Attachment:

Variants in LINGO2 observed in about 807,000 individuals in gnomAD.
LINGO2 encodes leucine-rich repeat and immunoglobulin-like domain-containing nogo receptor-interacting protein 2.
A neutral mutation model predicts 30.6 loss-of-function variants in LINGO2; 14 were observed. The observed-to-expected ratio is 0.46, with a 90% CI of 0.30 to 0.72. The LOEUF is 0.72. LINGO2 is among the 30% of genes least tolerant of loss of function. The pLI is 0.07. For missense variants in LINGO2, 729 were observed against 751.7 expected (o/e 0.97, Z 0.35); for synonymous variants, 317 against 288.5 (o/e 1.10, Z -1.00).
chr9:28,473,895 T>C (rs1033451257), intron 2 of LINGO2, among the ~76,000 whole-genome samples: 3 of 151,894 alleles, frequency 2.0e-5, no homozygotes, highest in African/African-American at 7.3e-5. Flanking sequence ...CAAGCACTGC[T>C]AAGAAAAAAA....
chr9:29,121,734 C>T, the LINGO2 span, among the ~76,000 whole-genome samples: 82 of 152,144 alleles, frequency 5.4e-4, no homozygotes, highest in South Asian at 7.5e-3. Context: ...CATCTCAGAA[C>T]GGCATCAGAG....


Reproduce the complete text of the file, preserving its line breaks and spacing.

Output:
Variants in LINGO2 observed in about 807,000 individuals in gnomAD.
LINGO2 encodes leucine-rich repeat and immunoglobulin-like domain-containing nogo receptor-interacting protein 2.
A neutral mutation model predicts 30.6 loss-of-function variants in LINGO2; 14 were observed. The observed-to-expected ratio is 0.46, with a 90% CI of 0.30 to 0.72. The LOEUF is 0.72. LINGO2 is among the 30% of genes least tolerant of loss of function. The pLI is 0.07. For missense variants in LINGO2, 729 were observed against 751.7 expected (o/e 0.97, Z 0.35); for synonymous variants, 317 against 288.5 (o/e 1.10, Z -1.00).
chr9:28,473,895 T>C (rs1033451257), intron 2 of LINGO2, among the ~76,000 whole-genome samples: 3 of 151,894 alleles, frequency 2.0e-5, no homozygotes, highest in African/African-American at 7.3e-5. Flanking sequence ...CAAGCACTGC[T>C]AAGAAAAAAA....
chr9:29,121,734 C>T, the LINGO2 span, among the ~76,000 whole-genome samples: 82 of 152,144 alleles, frequency 5.4e-4, no homozygotes, highest in South Asian at 7.5e-3. Context: ...CATCTCAGAA[C>T]GGCATCAGAG....